By Jason Strange
If all of sacred scripture is not about Jesus than I ask what is it about? If he is not the central message of the Bible than who or what is? Scripture makes it clear that he is the ‘Sine qua non’ (refers to an indispensable and essential action, condition, or ingredient) the indispensable Hermeneutical ingredient of the Bible, things don’t taste right if Christ is dislodged from his Book. It actually becomes a recipe for disaster. It’s as if the sun were dislodged from its center all the planets would fall from there magnetic fields from which they are held, so too, hermeneutics fail and fall unless Christ is burning at the center of the interpretation (thematically and exegetically) shining his light and warmth upon the text in his full effulgence (brightness, brilliancy, candor, dazzle, brilliance, illumination).
Jesus showed that there was an organic connection between Himself and our understanding of the scriptures. Jesus himself declared in Luke 24, john 5:39, that there was a direct correlation to Himself as the central message of Scripture and our comprehension of the parts to the whole. He is revelatory glue of the text, and when Christ goes scripture becomes ‘papier-mâché- a book layered with stories one on top of the other.
The progressive nature of revelation was a gradual unfolding of the activity of God; it is God’s self-revelation and self-disclosure. It was organic in nature because all historic revelation is divinely bound together into one unit; the tentacles of the divine root streaming through history until the sonic-bloom of the Interpreter shows up on the world scene. He is the One who spoke the world in existence and comes to speak definitively once more.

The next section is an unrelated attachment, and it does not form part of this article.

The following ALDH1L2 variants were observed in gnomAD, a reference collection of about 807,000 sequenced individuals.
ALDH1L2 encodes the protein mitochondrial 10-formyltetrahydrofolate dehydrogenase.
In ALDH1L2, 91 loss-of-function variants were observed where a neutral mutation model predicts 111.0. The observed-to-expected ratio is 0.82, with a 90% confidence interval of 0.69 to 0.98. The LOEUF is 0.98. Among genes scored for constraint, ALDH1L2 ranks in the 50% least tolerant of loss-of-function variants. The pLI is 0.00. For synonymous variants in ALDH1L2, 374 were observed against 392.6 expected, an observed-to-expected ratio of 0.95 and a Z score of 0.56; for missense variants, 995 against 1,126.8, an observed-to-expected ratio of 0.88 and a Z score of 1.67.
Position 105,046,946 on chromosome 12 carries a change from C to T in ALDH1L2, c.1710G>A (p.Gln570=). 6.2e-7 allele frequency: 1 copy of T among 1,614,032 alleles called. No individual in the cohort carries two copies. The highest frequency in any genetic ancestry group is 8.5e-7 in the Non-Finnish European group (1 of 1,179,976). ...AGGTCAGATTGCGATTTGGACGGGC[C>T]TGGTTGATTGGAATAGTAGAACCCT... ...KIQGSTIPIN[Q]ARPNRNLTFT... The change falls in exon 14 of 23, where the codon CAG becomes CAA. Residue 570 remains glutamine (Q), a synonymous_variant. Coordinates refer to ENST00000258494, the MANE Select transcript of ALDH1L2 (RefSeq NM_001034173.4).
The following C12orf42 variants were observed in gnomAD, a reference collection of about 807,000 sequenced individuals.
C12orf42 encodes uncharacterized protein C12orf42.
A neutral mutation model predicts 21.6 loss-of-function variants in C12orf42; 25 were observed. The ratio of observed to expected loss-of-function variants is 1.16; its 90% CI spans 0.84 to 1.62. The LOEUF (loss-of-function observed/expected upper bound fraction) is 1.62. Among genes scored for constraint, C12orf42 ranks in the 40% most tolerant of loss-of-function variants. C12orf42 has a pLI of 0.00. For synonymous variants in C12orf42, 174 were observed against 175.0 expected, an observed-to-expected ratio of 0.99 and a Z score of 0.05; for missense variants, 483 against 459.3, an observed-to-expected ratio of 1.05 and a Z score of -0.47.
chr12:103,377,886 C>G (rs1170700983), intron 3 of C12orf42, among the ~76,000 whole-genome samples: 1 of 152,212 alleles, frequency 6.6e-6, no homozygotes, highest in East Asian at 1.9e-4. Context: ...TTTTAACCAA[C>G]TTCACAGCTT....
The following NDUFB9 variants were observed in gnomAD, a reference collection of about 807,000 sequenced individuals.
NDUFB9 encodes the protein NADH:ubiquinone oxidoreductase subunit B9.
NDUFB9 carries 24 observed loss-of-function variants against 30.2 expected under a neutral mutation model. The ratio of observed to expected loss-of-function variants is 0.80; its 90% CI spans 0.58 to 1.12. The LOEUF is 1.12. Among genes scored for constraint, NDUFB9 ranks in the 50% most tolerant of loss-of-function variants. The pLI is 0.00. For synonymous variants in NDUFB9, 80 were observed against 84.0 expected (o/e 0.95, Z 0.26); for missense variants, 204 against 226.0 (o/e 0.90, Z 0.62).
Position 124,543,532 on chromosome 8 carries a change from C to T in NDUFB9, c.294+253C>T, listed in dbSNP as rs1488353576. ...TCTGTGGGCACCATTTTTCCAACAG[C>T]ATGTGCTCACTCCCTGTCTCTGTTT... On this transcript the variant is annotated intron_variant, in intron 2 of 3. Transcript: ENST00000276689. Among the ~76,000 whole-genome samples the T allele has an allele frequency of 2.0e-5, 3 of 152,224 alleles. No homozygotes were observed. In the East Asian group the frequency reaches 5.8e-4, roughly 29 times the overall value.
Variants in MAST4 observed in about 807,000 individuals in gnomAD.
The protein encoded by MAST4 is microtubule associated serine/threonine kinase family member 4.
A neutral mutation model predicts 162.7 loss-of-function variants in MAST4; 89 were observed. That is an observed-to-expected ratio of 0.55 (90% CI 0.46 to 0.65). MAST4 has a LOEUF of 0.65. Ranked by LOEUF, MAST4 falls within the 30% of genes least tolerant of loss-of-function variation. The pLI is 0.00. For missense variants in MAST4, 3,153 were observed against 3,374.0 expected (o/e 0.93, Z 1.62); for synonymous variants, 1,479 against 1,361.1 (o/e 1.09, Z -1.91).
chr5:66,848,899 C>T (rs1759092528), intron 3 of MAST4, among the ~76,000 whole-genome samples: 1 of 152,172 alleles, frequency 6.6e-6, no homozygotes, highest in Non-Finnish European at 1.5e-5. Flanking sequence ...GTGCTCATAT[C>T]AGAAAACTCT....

It was as if a nuclear chain reaction had happened; small explosions in the timeline of revelation, one sparking the next, growing in power and magnitude; and now the times had reached their fulfillment, word giving birth to Word. Each dispensation building upon another, revelation history growing and expanding until the fullness of time had come and the full arrival of God had flowered. It’s as if the OT was so pregnant with Messianic hope and expectation that Christ had to be born. Now all the OT expectation was coming together. And just as the Shekinah had left 400 years later it shows up on a hill in Bethlehem and rests on a child. This child being the light of the world who comes to illuminate the darkness, he comes as the grand interpreter of all that was written. Man’s understanding of the sacred text was severely wounded by Israeli occupation and the true Israel, the new creation of a new humanity arrives to interpret and to put his world back in order.
(By Israeli occupation I mean seeing Jesus (not Israel) at the center of the hermeneutic, at the exegetical level within the OT. "These are my words that I spoke to you while I was still with you,(BF) that everything written about me in the Law of Moses and the Prophets and the Psalms must be fulfilled." Luke 24.)